Yields on Treasury notes and bonds of all maturities have been ticking higher in the past week, as evidence of improving economic growth has investors reducing bond exposure in longer-dated fixed-income securities. Last week’s employment report was the best of the year, while this week’s JOLT report that tracks job openings was very positive for job seekers. Retail sales figures out yesterday showed the consumer loosening up on the purse strings to spend some of those savings at the pump, and business inventories were reported up more than expected, indicating manufacturers seeing higher future demand.
So the conversation about the next move for the Fed takes on some fresh light, whereby what looked like a “no need to tighten for 2015” now appears as if a hike in September is back on the table. The fact that the economy is gaining momentum is really good news for the market, in that organic top- and bottom-line growth provides clarity about the health of the economy instead of the Fed propping up equity markets with all manner of financial engineering.
With the prospect of higher rates on the horizon, income investors should fully examine how they are positioned as interest rates are coming off of exaggerated low levels. An improving economy will also be accompanied by an uptick in inflation in both goods and services that will benefit those sectors that are sensitive and leveraged to price increases for such goods and services. Some areas of interest to consider rotating income-oriented capital to would be energy, chemicals, equipment leasing, commercial real estate, floating rate debt, commodities, information technology, bank lending and transportation.
At present, the value proposition lies in the energy, transportation, agriculture and materials sectors, all of which are trading at or near the low end of their yearly or multi-year ranges. Buying into beaten-down sectors that are showing little if any current upside momentum is always difficult, but if the economy continues to show improvement, these sectors will undergo a transition from distribution to accumulation. It’s inevitable that sectors leveraged to domestic and global growth will have their day in the sun, and scouting around at these depressed levels will prove to be savvy due diligence.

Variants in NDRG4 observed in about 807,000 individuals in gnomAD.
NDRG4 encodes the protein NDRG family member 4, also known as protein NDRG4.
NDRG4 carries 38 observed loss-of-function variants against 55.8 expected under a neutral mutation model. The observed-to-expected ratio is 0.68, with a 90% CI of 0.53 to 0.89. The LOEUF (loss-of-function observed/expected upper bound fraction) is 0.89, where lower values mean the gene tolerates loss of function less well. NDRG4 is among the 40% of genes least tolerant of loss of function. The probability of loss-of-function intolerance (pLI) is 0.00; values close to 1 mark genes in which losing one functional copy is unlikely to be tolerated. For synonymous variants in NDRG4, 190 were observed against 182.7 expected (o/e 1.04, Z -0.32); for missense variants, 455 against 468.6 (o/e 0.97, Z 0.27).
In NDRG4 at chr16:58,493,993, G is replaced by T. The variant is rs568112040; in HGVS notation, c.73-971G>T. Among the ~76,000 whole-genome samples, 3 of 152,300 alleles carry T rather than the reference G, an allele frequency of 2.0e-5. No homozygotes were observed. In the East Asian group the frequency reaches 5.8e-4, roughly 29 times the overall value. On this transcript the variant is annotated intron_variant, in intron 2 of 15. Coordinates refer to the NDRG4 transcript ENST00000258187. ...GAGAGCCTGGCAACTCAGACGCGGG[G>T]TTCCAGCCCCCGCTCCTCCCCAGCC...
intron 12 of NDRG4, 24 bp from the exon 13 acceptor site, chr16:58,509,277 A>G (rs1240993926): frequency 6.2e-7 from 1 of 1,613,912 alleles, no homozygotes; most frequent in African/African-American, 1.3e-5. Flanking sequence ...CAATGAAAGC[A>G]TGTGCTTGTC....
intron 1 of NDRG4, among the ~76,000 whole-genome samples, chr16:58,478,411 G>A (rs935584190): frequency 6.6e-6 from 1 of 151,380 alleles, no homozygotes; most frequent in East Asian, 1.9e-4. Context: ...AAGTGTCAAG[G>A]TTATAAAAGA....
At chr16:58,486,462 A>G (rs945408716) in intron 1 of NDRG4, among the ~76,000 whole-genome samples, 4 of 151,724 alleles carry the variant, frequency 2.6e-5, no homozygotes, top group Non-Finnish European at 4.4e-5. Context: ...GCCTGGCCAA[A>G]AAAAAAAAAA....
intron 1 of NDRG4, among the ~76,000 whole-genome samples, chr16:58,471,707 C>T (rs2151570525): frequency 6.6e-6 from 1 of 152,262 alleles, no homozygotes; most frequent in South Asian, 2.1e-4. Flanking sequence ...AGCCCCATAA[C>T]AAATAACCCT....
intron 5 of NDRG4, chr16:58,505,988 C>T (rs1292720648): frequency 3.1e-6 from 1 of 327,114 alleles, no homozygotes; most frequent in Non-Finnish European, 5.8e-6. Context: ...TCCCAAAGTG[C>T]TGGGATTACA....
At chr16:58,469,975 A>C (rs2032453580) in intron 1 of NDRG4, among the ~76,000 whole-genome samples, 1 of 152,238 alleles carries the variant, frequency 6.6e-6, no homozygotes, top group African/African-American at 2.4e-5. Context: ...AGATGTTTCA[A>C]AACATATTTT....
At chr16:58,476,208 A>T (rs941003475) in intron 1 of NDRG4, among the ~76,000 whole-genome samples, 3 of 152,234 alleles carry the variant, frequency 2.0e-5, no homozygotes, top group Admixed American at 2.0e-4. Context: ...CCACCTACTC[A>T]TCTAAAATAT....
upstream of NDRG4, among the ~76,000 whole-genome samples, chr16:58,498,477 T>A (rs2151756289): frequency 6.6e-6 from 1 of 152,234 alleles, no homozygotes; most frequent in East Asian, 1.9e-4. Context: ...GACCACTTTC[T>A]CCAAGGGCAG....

Taking a view from 10,000 feet, some former Cash Machine winners in these economically sensitive situations that make the watch list for future consideration include:
CVR Partners LP (UAN), Yield 14.16% — Nitrogen Fertilizer
Rentech Nitrogen Partners LP (RNF), Yield 10.00% — Nitrogen Fertilizer
Teekay Offshore Partners LP (TOO), Yield 10.13% — Floating Oil Storage
Alliance Resource Partners LP (ARLP), Yield 10.01% — Coal
Mesabi Trust (MSB), Yield 19.11% — Iron Ore
CVR Refining LP (CVRR), Yield 15.69% — Crude Oil Coking Refiner
Northern Tier Energy LP (NTI), Yield 17.96% — Retail Gas and Refining
Nordic American Tanker Ltd. (NAT), Yield 11.03% — Crude Oil Shipping
Some of these picks go back five years, and there are always undeniable changes in management and market conditions that require scrutiny. For instance, the landscape for investing in coal has forever changed with the advancement of natural gas in public utilities. And cheap steel imports might keep pricing pressure on iron ore producers for years to come. Not all boats rise when the economy recovers, and thus careful stock selection in these more volatile spaces is at a premium. Yet therein lies the opportunity of catching a rising tide.
The chart below of the PowerShares DB Commodity Index Tracking Fund (DBC) illustrates that a bottoming process is still in the making, earmarked by two prior false breakouts that led to further consolidation. The message here is that there is no hurry to pile into commodities yet. In fact, they could see another leg lower if global growth doesn’t kick into gear where end demand from goods-producing nations dramatically increases.
The bottom line leads to a shortlist of potential candidates for adding to one’s portfolio if and when market conditions warrant increasing this kind of exposure. Until the global economy is comfortably moving away from central bank intervention, it’s best to tread lightly, if at all, in this space for now. While investing in double-digit yields is hugely desirable, the underlying fundamentals have to be present and improving to justify the risk.
In case you missed it, I encourage you to read my e-letter column from last week about how to invest for income in a rising rate market. I also invite you to comment in the space provided below my commentary.
I will be attending the San Francisco MoneyShow, July 16-18, at the Marriott Marquis. To register, click here. Mention priority code 038970.